You can call it ‘powdery mildew,’ but it’s really a fungus among us
Powdery mildew is the nemesis of any gardener worth his Epsom salt (magnesium sulphate) and one of the most widespread plant nudniks. Thus, there is no shame in finding powdery mildew, only a strong feeling of shared frustration when the spores win.
Mildew spores look like a white fuzzy powder that accumulates on leaves and stems, predominantly in spring, and again to a lesser degree in fall. It is actually a fungus that is spread by millions of microscopic spores, imbedding in tender new growth to feed on sap. By the time the naked eye can see the white ‘powder,’ it has already invaded the plant tissue and is feeding and reproducing at a rapid pace. As it spreads itself on the surface, it eventually kills the cells of the plant leaf, leaving the leaf rippled and curled.
Some plants are more resistant than others, and plant researchers go to great lengths trying to develop varieties that are resistant to mildew. It is worth looking for cultivars that have been shown to be “mildew resistant.” There’s nothing new about mildew spores in nature, only new gardeners learning the hard way that there is no easy way.
Powdery mildew tends to affect flowering plants and fruit trees or bushes (roses, apple trees, grape vines, etc.). This is why many gardeners advise watering the ground under a growing plant rather than showering the leaves. Best of all, use drip irrigation if it’s in the budget.
Even so, with spores always in the air to contaminate plants in the garden, mildew spores and can even be drawn inside to impact certain house plants.
The cannibus industry in Colorado and Washington, where growing it is legal (despite federal law), has discovered that powdery mildew can take over a crop under cultivation in tight places.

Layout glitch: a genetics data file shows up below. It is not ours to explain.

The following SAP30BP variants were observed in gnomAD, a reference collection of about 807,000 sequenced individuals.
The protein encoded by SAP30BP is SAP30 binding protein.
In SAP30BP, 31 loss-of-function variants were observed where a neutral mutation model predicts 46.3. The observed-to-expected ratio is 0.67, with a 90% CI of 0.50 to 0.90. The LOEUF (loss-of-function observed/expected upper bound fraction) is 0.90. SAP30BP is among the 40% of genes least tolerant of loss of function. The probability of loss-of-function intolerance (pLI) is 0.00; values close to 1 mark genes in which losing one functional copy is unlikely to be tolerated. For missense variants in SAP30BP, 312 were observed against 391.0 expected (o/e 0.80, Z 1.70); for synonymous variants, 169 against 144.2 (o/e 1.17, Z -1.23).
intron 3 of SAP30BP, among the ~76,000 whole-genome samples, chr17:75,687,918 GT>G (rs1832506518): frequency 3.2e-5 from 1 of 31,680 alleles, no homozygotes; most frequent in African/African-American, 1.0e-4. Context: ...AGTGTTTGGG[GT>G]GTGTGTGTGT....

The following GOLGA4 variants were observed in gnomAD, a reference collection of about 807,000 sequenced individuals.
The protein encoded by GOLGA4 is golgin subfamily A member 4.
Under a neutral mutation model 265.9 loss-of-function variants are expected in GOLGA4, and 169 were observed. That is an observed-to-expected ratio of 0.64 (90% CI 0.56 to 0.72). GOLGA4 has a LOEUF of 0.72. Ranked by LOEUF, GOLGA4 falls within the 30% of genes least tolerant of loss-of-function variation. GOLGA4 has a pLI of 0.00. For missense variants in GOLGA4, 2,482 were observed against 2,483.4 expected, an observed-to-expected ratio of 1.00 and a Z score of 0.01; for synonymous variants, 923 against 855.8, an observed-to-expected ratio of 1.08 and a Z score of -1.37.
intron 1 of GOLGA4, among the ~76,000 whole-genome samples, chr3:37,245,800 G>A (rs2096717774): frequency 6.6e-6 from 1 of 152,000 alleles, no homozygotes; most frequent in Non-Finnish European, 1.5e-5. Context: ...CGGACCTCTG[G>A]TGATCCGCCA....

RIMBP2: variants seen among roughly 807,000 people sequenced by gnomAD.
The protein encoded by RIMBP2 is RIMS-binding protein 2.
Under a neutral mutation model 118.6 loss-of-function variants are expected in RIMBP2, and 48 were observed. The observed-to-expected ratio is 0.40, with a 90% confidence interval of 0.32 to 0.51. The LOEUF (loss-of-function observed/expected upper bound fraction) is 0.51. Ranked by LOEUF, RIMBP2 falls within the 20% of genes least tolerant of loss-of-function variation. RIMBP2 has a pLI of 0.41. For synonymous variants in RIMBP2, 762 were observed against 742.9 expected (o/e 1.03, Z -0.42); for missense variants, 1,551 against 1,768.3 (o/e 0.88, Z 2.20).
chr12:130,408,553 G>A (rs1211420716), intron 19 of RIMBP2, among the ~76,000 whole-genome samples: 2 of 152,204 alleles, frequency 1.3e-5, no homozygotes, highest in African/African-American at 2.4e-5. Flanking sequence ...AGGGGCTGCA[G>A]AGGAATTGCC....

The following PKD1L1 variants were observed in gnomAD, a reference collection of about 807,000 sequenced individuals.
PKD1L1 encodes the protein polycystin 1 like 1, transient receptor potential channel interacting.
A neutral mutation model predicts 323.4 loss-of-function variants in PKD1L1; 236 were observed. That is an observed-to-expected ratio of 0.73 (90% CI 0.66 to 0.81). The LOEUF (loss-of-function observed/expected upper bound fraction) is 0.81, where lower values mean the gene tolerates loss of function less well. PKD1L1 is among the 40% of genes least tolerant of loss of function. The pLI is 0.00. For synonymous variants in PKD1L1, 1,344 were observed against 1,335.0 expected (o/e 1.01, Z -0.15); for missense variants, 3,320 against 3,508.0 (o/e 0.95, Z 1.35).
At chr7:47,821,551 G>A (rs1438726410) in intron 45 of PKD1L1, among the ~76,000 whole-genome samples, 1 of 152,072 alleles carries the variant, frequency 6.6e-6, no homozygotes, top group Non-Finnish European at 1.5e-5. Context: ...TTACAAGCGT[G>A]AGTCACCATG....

In online forums, you will find treatments that suggest a complete recovery at all stages of mildew infestation. But most writers (including this one) have rarely tested these products themselves, and the compounds are seldom differentiated between those applicable only for growth, and those safe to use during flowering, another reason to read carefully and ask plenty of questions.
So if you take away nothing else, remember there is no ultimate “cure” for powdery mildew, and affected growth is not going to recover as such. While not usually fatal, there is only prevention, and unaffected new growth – and wise selection of plants resistant to powdery mildew.
Actually, powdery mildew it is a fungal disease, the result of many species of fungi that affect a wide range of plant life. The same forces of nature that cause a proliferation of mushrooms in ideal conditions (mostly, non edible in the Ozarks), powdery mildew can often spread like talcum powder after a shower.
Powdery mildew is one of the easier plant diseases to identify, usually appearing on lower leaves first, but the fungi can appear on any above-ground part of the plant. As the disease spreads, spots get larger and more dense as large numbers of asexual “spores” are formed, and the mildew may spread the length of the affected plant.